The Catholic Church teaches definitively that God’s existence can be known by reason. Arguments of many stripes can be put forth demonstrating the rationality of belief in God. I have done so on this blog and betters have done so elsewhere — but for now, the simple point is that reason doesn’t end at the laboratory door. We can think rationally about deeper levels of reality. ...Richard Dawkins taken to the cleaners—in The New York Times
When the the rational questions go beyond that which can be measured in the laboratory, these empiricists simply wave away the questions without further consideration, swallowing a myriad of necessary prior assumptions without further thought. Needless to say, such a position is itself a tremendous leap of faith.
[approvingly quoting The Last Superstition: A Refutation of the New Atheism by Edward Feser] Secularism can never truly rest on reason, but only 'faith,' as secularists themselves understand that term (or rather misunderstand it, as we shall see): an unshakeable commitment grounded not in reason but rather in sheer willfulness, a deeply ingrained desire to want things to be a certain way regardless of whether the evidence shows they are that way.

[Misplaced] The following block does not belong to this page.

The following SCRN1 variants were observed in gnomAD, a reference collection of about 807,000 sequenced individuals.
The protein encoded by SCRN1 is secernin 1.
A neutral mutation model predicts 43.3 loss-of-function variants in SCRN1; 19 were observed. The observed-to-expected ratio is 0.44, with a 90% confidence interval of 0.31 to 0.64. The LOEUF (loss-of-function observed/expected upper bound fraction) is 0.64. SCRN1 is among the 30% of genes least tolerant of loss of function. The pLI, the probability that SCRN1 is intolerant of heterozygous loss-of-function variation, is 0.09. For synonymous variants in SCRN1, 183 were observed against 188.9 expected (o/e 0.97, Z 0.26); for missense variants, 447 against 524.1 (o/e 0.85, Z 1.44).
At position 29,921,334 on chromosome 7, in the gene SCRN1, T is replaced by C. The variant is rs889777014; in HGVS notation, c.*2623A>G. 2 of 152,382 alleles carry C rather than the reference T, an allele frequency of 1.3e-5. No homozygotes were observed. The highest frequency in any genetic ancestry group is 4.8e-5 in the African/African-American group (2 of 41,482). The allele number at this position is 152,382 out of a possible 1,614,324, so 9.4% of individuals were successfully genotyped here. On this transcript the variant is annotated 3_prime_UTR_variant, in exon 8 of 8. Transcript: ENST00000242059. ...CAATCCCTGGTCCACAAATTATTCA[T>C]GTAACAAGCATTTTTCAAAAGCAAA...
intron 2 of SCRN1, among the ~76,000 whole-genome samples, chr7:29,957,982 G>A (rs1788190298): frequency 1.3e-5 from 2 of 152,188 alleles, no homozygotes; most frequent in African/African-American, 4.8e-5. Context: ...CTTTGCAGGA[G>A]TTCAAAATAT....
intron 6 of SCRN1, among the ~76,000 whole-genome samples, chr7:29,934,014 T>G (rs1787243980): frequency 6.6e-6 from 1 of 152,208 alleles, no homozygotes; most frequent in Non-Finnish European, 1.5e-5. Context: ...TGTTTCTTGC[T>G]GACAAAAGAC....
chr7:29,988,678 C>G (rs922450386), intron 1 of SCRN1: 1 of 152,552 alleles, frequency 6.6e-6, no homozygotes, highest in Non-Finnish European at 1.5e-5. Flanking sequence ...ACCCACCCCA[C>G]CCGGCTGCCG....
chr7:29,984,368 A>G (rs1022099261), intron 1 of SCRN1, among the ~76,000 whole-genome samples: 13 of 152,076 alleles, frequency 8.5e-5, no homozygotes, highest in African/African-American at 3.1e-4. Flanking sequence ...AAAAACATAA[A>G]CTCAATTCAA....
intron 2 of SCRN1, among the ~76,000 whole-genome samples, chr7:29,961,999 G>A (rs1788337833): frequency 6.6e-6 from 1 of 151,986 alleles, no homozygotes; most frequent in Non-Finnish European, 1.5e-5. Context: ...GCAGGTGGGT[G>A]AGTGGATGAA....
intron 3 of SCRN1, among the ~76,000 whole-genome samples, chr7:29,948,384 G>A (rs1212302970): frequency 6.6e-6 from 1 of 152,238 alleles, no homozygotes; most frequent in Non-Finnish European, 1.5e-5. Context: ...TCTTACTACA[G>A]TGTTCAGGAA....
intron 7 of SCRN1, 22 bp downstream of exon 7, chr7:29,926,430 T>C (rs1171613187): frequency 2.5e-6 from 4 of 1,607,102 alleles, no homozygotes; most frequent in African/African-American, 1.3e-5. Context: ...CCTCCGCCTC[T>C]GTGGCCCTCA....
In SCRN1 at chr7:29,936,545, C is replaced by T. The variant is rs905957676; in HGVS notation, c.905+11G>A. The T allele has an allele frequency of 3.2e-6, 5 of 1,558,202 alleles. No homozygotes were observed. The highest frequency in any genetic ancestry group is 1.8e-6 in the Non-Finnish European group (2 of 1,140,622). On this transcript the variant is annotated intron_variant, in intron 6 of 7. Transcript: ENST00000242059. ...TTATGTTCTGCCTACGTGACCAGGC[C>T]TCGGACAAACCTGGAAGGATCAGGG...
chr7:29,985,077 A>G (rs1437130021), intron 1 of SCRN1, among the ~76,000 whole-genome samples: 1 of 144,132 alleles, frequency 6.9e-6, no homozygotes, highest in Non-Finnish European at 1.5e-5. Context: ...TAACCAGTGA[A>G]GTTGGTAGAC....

Today's pièce de résistance of burning stupidity, however, is the article cited by both previous posts, On Dawkins’s Atheism: A Response by Gary Gutting, a philosopher who admits he can't answer any questions:
As formulated, [Dawkins'] argument is an obvious non-sequitur. The premises (1-6), if true, show only that God cannot be posited as the explanation for the apparent design of the universe, which can rather be explained by natural selection. They do nothing to show that “God almost certainly does not exist” (189). ...But here's the money quote:
[P]hilosophers from Thomas Aquinas through contemporary thinkers have offered detailed discussions of the question that provide intelligent suggestions about how to think coherently about a simple substance that has the power and knowledge attributed to God. ...
Dawkins’ argument ignores the possibility that God is a necessary being (that is, a being that, by its very nature, must exist, no matter what). On this traditional view, God’s existence would be, so to speak, self-explanatory and so need no explanation, contrary to Dawkins’ premise 3.
[S]uccessful or not, philosophers offer the best rational thinking about such questions.
Howls of derisive laughter, Bruce!